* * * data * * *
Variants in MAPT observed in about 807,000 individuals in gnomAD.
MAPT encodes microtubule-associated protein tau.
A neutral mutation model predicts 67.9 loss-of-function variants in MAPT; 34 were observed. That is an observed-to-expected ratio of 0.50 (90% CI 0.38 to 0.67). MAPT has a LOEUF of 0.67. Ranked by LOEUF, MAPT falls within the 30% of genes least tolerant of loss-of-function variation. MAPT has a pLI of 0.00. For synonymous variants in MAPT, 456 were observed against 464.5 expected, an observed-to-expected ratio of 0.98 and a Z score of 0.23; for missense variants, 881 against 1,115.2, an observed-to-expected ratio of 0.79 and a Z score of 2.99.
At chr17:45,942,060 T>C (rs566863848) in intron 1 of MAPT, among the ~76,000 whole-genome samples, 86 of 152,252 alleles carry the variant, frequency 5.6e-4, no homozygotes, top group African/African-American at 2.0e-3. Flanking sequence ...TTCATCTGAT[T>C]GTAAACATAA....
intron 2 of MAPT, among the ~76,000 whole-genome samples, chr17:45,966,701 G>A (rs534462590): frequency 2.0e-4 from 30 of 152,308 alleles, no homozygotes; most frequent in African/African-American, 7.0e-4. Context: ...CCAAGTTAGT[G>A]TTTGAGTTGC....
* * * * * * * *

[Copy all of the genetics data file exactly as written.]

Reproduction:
Variants in MAPT observed in about 807,000 individuals in gnomAD.
MAPT encodes microtubule-associated protein tau.
A neutral mutation model predicts 67.9 loss-of-function variants in MAPT; 34 were observed. That is an observed-to-expected ratio of 0.50 (90% CI 0.38 to 0.67). MAPT has a LOEUF of 0.67. Ranked by LOEUF, MAPT falls within the 30% of genes least tolerant of loss-of-function variation. MAPT has a pLI of 0.00. For synonymous variants in MAPT, 456 were observed against 464.5 expected, an observed-to-expected ratio of 0.98 and a Z score of 0.23; for missense variants, 881 against 1,115.2, an observed-to-expected ratio of 0.79 and a Z score of 2.99.
At chr17:45,942,060 T>C (rs566863848) in intron 1 of MAPT, among the ~76,000 whole-genome samples, 86 of 152,252 alleles carry the variant, frequency 5.6e-4, no homozygotes, top group African/African-American at 2.0e-3. Flanking sequence ...TTCATCTGAT[T>C]GTAAACATAA....
intron 2 of MAPT, among the ~76,000 whole-genome samples, chr17:45,966,701 G>A (rs534462590): frequency 2.0e-4 from 30 of 152,308 alleles, no homozygotes; most frequent in African/African-American, 7.0e-4. Context: ...CCAAGTTAGT[G>A]TTTGAGTTGC....